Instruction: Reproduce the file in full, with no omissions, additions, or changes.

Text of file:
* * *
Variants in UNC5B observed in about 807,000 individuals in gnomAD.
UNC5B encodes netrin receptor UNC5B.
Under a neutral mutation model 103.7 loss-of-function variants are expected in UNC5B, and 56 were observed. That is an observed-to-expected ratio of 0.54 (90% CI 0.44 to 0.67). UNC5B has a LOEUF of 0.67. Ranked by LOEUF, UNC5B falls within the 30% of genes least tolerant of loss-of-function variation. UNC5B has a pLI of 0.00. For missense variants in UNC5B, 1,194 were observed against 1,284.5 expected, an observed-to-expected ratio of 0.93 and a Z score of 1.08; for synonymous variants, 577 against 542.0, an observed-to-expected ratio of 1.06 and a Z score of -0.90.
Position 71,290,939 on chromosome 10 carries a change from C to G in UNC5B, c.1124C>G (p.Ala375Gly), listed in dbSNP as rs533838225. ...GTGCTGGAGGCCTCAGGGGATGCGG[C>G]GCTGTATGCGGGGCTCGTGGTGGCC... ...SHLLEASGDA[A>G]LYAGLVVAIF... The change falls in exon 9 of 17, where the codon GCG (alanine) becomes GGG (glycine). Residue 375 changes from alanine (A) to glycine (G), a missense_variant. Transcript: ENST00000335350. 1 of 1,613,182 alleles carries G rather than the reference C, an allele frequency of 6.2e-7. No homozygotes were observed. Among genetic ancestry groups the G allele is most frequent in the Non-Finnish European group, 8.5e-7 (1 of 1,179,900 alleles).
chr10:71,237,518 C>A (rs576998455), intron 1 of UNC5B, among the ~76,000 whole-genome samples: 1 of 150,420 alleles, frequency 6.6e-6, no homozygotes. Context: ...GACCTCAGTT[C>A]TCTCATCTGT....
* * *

Variants in UNC5B observed in about 807,000 individuals in gnomAD.
UNC5B encodes netrin receptor UNC5B.
Under a neutral mutation model 103.7 loss-of-function variants are expected in UNC5B, and 56 were observed. That is an observed-to-expected ratio of 0.54 (90% CI 0.44 to 0.67). UNC5B has a LOEUF of 0.67. Ranked by LOEUF, UNC5B falls within the 30% of genes least tolerant of loss-of-function variation. UNC5B has a pLI of 0.00. For missense variants in UNC5B, 1,194 were observed against 1,284.5 expected, an observed-to-expected ratio of 0.93 and a Z score of 1.08; for synonymous variants, 577 against 542.0, an observed-to-expected ratio of 1.06 and a Z score of -0.90.
Position 71,290,939 on chromosome 10 carries a change from C to G in UNC5B, c.1124C>G (p.Ala375Gly), listed in dbSNP as rs533838225. ...GTGCTGGAGGCCTCAGGGGATGCGG[C>G]GCTGTATGCGGGGCTCGTGGTGGCC... ...SHLLEASGDA[A>G]LYAGLVVAIF... The change falls in exon 9 of 17, where the codon GCG (alanine) becomes GGG (glycine). Residue 375 changes from alanine (A) to glycine (G), a missense_variant. Transcript: ENST00000335350. 1 of 1,613,182 alleles carries G rather than the reference C, an allele frequency of 6.2e-7. No homozygotes were observed. Among genetic ancestry groups the G allele is most frequent in the Non-Finnish European group, 8.5e-7 (1 of 1,179,900 alleles).
chr10:71,237,518 C>A (rs576998455), intron 1 of UNC5B, among the ~76,000 whole-genome samples: 1 of 150,420 alleles, frequency 6.6e-6, no homozygotes. Context: ...GACCTCAGTT[C>A]TCTCATCTGT....